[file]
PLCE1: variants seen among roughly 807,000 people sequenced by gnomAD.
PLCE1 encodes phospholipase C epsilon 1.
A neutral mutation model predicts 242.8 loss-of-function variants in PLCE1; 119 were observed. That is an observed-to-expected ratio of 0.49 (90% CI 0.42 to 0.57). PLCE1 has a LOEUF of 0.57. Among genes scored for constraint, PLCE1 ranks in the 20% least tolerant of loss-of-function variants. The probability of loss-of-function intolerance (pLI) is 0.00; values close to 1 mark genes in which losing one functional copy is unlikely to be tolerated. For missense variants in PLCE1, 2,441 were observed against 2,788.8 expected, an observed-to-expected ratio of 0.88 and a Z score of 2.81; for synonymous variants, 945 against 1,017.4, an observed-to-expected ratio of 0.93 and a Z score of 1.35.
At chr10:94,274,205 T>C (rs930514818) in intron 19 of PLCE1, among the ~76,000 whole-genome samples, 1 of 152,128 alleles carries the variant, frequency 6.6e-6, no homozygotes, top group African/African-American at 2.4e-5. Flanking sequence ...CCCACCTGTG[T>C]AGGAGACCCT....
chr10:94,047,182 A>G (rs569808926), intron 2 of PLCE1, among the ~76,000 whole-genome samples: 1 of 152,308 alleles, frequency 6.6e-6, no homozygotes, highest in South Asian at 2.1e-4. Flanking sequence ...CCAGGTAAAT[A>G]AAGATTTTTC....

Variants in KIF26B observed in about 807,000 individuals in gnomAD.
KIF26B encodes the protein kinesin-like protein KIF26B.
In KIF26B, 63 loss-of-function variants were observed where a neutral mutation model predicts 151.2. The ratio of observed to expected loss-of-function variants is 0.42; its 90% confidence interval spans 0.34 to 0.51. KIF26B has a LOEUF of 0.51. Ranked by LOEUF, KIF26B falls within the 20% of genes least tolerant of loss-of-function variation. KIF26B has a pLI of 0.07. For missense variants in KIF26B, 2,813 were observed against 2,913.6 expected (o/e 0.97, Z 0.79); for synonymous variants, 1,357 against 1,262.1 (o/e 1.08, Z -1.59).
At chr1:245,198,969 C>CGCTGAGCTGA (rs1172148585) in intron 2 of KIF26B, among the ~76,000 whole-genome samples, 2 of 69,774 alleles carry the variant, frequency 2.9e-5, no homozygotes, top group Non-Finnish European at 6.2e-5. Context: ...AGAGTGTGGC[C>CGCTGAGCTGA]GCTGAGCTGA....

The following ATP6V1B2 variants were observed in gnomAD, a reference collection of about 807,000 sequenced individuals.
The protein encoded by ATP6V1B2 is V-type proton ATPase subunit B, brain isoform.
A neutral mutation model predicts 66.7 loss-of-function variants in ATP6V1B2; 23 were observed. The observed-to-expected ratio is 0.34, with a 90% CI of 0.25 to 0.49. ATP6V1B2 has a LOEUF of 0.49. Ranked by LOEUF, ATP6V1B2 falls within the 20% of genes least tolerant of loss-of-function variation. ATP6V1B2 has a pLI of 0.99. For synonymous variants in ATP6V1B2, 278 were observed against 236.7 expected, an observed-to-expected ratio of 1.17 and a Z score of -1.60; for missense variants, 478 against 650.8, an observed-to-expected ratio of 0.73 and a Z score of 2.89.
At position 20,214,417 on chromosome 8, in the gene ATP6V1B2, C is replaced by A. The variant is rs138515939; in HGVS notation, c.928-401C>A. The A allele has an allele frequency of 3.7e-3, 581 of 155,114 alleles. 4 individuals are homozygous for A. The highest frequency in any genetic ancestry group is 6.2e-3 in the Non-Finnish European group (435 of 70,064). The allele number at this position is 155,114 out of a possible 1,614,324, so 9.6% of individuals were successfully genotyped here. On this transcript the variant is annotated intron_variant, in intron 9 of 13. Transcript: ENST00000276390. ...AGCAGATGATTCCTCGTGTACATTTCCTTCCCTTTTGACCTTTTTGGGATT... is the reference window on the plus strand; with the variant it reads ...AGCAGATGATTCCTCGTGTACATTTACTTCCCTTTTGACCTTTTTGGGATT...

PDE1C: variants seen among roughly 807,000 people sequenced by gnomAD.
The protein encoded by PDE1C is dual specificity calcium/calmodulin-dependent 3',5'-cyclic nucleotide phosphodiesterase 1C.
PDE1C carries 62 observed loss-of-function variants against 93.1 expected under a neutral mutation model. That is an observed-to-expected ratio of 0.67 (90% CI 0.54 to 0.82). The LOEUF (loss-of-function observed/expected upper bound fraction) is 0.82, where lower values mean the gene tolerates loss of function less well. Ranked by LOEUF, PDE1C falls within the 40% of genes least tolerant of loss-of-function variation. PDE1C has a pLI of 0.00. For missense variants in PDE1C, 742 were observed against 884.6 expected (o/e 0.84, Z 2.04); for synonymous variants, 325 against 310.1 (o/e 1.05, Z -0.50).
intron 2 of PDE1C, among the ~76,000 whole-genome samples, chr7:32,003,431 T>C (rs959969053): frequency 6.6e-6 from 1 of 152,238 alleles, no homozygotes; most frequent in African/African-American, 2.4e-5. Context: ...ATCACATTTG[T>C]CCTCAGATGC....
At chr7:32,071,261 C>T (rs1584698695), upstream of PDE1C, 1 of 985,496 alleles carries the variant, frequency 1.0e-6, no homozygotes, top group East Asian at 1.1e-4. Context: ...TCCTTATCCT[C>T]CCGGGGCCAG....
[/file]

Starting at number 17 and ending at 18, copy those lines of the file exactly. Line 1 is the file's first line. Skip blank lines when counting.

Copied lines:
intron 2 of PDE1C, among the ~76,000 whole-genome samples, chr7:32,003,431 T>C (rs959969053): frequency 6.6e-6 from 1 of 152,238 alleles, no homozygotes; most frequent in African/African-American, 2.4e-5. Context: ...ATCACATTTG[T>C]CCTCAGATGC....
At chr7:32,071,261 C>T (rs1584698695), upstream of PDE1C, 1 of 985,496 alleles carries the variant, frequency 1.0e-6, no homozygotes, top group East Asian at 1.1e-4. Context: ...TCCTTATCCT[C>T]CCGGGGCCAG....